they both seem to know like a book. She is a big woman for that part of
the country; 5 foot 3, two inches taller than her husband. When one sees
her stalking up to you, one knows instinctively that she is the wife of
an important person.

She shakes hands with a prize fighter’s grip and her deerskin coat seems
to weigh a ton. It has wonderful designs of thousands of multi-colored
beads. She even wears a thick border of empty cartridge cases at the
bottom, which shine when the sun is out and clink merrily at each step.

Notwithstanding her appearance, Kakarmick rules her with a rod of iron.
The last time I saw them it was on the frozen shores of Windy Lake. They
were both sitting on the top of their sleigh and their five dogs were
plainly tired.

The man had lost his whip but held, instead, a short thick piece of hard
wood about three feet in length. Every hundred yards or so, he hurled
that strange missile straight at one of the dog’s backs. I never saw him
miss once. But what impressed me more was Taitna. Each time her husband
threw that stick, she would jump off the sleigh, retrieve it and jump on
again. Meanwhile, Kakarmick remained sitting astride his load, paying
absolutely no attention to the exertions of his wife.

[Illustration: Man and Wife]



                     Tale XLVIII: “Forty Years Ago”


Last summer I met a very old Catholic missionary whom I have known for
years. We were both on an inspection trip in the depths of the Canadian
wilderness. Our reasons for roaming so far north from civilization were
absolutely different. Still we both had one main interest at heart, that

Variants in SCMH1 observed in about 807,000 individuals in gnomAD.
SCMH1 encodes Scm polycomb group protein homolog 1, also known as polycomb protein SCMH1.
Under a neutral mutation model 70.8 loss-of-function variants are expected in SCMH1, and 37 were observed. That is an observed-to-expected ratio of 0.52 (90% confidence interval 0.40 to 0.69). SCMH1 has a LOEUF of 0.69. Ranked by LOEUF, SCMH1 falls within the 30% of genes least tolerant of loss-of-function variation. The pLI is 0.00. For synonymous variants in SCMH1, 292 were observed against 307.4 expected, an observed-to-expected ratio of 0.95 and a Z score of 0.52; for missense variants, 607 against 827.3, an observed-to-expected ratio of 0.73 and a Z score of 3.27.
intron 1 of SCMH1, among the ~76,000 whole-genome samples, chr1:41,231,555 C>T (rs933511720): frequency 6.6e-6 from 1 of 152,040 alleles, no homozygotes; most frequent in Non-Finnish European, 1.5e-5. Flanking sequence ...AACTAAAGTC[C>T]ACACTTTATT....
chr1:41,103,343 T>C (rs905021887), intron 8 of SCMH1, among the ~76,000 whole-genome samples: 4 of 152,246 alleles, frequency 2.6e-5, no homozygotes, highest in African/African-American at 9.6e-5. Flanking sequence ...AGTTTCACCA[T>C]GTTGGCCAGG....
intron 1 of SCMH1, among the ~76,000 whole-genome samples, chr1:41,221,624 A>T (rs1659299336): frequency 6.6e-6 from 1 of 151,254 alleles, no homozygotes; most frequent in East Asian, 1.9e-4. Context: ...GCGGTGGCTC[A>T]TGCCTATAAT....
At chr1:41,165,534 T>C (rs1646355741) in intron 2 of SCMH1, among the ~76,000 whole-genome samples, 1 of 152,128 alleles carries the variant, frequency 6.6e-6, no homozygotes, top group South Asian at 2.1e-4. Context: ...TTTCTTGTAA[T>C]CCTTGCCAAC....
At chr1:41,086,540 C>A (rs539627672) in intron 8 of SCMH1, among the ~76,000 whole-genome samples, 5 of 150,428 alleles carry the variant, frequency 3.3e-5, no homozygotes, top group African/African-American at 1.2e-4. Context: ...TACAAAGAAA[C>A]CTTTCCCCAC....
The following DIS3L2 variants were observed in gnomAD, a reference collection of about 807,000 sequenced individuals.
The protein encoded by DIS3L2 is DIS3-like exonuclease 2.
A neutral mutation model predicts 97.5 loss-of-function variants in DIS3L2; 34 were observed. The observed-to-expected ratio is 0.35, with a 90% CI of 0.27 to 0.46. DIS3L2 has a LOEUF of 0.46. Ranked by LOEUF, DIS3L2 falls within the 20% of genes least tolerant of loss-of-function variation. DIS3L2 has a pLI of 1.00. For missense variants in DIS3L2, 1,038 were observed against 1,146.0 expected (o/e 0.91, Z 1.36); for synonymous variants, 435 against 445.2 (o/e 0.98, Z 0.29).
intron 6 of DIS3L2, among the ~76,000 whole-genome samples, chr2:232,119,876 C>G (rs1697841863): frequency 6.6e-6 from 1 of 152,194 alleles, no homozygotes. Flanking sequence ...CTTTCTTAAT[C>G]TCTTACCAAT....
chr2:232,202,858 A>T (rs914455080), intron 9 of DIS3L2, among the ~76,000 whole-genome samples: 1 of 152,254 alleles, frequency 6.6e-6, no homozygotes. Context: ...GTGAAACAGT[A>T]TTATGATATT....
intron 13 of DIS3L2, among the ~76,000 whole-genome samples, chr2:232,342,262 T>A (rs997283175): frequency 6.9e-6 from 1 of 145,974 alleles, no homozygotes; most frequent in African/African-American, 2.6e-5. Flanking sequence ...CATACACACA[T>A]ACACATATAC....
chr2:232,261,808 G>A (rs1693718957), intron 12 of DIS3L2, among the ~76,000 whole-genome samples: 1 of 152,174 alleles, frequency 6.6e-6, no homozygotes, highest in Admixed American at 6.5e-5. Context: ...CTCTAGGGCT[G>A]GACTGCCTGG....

of the Indian; and, instinctively, we chose that topic of conversation
while we sat smoking around the camp-fire that evening.

Wise to the ways of the natives, broad-minded like all the missionaries
of the old school, the Father was in a reminiscent mood. His stories
referred chiefly to his early days when many Chippewayans were still
pagans, refusing to accept Christianity, although allowing their
children to listen to the missionaries and follow some of their
instructions.

The following story, among many others, appealed to me the most.

[Illustration: Catholic priest praying]

In a certain district, not so far from where we were, the Father, forty
years ago, was endeavoring to convert the last “die hards” of a small
tribe. He had, then, a rival in the person of an English Anglican
missionary, who happened also to speak the native language well and to
be a great traveller.

Both men, strange to say, were the best of friends. For economic
reasons, they often joined forces by canoe and dog-sleigh, and during
their hundreds of miles of travelling invariably compared notes on their
religious achievements.

Each baptism that one missionary added to his list spurred the other one